All things considered, an office is a fairly low impact environment. People tend to sit in their chairs for most of the day, intent on the screen or paperwork in front of them. Something as simple as getting up to refill a mug of coffee, tea or water can be enough to break up the routine.
But make no mistake: Office accidents do occur, and they’re generally bad news for injured employees, bosses, HR departments and bystanders. It only takes a split second for a mundane day to become memorable for all the wrong reasons. Be aware of these four common office accidents (and how to prevent them) for a safer workspace.
An Employee Falls
Did you know office workers are 2 to 2.5 times more likely to suffer a disabling injury from a fall than non-office workers? A rain-soaked tile floor can be a recipe for disaster. An extension cord can trip an employee on the way to a meeting. Flickering lighting can make it difficult to see the edge of a raised rug—boom, an employee goes down.
Keeping walkways clear is paramount to office safety. It’s also important to avoid substituting office chairs, shelves, boxes or desks in place of a ladder. If an item is out of reach, only a designated step stool or ladder is safe. Wipe up spills and precipitation immediately.
An Employee Collides with a Door
A typical office has dozens of doors. We generally pass through them without a second thought. But door accidents can lead to bruises, cuts and broken bones (like the fingers or nose). In 2009 alone, the Bureau of Labor Statistics reported 120 door accidents requiring amputations, 410 causing multiple traumatic injuries, 870 causing soreness and pain, 100 resulting in back injuries and 1,250 others. Every single one of these injuries involved taking time off work. Of course, having commercial insurance (including workers’ compensation) means companies will not have to pay out of pocket for medical bills and time away, but it’s still important to invest in avoiding these injuries up front.
Making employees aware of doors is the first step—for instance, they should open them slowly and look for people on the other side before proceeding. Installing doors with a window or see-through glass pane can help boost visibility.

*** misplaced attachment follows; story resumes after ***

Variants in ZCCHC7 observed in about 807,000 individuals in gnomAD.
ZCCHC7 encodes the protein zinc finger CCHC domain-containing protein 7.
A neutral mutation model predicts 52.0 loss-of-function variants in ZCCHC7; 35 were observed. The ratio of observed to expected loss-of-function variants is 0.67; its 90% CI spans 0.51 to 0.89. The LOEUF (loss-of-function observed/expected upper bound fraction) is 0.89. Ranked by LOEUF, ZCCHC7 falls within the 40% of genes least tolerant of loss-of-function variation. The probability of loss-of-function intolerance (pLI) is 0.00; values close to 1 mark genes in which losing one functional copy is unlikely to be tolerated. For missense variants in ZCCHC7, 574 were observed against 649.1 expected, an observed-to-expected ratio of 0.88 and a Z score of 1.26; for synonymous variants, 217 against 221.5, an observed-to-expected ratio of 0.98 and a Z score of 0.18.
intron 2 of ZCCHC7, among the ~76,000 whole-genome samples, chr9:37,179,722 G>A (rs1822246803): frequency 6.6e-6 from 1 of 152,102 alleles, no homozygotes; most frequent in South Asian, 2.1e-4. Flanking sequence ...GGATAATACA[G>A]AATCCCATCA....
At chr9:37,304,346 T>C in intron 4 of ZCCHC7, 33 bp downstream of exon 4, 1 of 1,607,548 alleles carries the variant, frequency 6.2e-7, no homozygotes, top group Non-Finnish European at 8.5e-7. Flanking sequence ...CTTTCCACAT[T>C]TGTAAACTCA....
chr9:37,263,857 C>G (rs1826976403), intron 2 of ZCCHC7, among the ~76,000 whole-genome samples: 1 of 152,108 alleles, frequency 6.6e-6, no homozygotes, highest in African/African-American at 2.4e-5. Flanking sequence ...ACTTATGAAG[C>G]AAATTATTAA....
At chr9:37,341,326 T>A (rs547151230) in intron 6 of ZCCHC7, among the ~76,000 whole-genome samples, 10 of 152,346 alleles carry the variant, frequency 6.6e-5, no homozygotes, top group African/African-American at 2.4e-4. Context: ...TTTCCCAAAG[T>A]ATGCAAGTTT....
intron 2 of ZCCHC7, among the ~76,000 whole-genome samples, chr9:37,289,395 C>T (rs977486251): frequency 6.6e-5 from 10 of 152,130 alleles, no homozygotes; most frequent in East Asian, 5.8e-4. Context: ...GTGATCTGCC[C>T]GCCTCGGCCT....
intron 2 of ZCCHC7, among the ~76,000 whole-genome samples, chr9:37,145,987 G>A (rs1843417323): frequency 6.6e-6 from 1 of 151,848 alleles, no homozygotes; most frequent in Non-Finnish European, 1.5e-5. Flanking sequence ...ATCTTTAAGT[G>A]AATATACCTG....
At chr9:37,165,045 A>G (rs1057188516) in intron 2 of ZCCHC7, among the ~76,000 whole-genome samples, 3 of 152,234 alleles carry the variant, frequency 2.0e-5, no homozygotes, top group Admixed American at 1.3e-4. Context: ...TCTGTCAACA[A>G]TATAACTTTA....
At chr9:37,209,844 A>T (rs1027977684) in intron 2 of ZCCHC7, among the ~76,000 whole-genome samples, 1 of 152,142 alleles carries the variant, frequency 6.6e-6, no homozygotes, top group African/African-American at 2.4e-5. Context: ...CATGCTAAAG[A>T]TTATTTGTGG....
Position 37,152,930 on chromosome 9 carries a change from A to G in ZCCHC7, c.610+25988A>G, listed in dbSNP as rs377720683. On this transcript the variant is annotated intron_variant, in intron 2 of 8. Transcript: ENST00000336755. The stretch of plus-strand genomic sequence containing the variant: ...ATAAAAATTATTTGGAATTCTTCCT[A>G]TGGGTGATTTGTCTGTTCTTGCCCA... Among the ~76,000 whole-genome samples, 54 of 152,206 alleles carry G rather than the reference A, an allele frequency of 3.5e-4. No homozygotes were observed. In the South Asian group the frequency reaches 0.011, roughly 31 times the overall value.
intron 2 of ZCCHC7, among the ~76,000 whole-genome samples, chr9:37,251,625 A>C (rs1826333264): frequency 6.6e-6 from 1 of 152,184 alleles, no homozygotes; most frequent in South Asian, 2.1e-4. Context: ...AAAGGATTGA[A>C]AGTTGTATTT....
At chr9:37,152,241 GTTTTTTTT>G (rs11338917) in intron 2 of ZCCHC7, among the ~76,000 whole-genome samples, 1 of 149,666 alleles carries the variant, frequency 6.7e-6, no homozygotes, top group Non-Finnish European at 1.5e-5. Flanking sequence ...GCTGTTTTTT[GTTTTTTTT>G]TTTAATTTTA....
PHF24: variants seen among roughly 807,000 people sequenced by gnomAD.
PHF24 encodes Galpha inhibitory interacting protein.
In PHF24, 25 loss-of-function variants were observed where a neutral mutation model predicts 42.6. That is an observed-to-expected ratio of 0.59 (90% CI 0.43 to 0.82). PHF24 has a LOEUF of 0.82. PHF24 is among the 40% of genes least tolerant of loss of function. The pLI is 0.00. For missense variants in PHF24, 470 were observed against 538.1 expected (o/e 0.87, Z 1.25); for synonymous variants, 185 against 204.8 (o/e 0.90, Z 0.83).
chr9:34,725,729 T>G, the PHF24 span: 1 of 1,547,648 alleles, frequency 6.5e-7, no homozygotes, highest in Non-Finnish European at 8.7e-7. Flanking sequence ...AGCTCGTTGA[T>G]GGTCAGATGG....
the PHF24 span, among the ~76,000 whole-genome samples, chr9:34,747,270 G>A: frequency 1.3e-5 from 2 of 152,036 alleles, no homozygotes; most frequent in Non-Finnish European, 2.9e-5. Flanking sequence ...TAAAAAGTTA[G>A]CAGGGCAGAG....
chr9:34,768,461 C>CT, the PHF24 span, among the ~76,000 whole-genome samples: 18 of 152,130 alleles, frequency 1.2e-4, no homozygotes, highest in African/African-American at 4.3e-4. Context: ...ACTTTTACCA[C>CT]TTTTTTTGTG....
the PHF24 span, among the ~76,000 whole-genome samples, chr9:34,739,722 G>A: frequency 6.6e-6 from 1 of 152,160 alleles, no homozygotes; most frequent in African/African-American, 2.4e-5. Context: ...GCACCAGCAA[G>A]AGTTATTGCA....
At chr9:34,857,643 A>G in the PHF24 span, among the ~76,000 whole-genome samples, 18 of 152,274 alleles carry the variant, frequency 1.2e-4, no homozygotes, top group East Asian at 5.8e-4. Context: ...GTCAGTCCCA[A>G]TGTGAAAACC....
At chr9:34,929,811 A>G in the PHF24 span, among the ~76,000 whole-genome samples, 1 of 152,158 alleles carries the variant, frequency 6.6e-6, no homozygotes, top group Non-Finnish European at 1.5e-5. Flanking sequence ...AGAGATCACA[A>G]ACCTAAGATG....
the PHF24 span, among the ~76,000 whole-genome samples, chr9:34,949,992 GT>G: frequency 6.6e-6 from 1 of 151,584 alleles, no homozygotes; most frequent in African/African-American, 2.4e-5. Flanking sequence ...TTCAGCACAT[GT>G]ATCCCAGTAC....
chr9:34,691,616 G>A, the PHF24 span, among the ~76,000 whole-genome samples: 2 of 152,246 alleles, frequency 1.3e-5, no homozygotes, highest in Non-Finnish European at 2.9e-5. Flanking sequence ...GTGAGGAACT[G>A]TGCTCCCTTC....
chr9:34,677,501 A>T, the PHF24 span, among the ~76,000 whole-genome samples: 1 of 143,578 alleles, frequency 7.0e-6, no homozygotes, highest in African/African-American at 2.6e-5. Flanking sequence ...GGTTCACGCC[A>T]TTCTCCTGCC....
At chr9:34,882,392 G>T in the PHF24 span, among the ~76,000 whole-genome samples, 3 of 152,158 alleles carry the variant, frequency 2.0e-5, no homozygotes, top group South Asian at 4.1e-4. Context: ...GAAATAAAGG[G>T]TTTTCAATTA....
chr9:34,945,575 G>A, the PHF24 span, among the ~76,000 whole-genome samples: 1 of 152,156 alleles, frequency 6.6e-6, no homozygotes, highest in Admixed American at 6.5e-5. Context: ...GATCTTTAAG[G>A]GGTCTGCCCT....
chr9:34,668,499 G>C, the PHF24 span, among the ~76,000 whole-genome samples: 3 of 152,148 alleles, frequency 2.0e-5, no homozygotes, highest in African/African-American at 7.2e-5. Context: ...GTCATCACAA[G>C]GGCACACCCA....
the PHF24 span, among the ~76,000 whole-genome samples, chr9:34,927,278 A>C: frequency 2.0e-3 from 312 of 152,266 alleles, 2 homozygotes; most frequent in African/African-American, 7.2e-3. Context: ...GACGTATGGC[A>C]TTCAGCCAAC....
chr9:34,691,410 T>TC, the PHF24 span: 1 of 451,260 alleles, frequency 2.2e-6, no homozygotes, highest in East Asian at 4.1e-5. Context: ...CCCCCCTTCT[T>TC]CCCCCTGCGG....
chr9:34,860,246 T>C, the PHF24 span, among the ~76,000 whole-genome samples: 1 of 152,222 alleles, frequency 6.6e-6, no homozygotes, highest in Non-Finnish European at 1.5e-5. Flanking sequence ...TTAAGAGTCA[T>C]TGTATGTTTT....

An Office Fire Breaks Out
In 2012, fire departments responded to 17,500 office fires, resulting in $643 million in damage to property. Companies should practice proactive fire prevention techniques like inspecting cords and avoiding extension cord overload. If your business allows the use of space heaters during winter months, make sure they’re located at least three feet away from flammable materials and have an automatic shut-off function.
Offices should train employees on evacuation plans, place fire extinguishers at key locations and test their alarm/sprinkler system regularly.
Materials Slide Off Supply Shelves
Safe, organized storage systems for supplies and equipment are a must. Otherwise, falling or tipping objects could strike employees at any time. Always stack boxes and loose objects on shelves securely, with heavier objects going on lower shelves and lighter objects toward the top. To achieve equilibrium within drawers and file cabinets, distribute weight evenly and avoid pulling out multiple drawers at once. Employees should follow safe lifting procedures at all times to avoid dropping equipment on themselves or others, especially if they’re moving a substantial object like a computer or box full of supplies. Place objects on desks and tables several inches away from the edge so nothing topples onto an unsuspecting employee or visitor.
Stay vigilant against these four common office accidents and work to prevent them ahead of time. The right commercial insurance policy covers liability, employee injury and property damage, but your first line of defense is minimizing the risk of a workplace accident.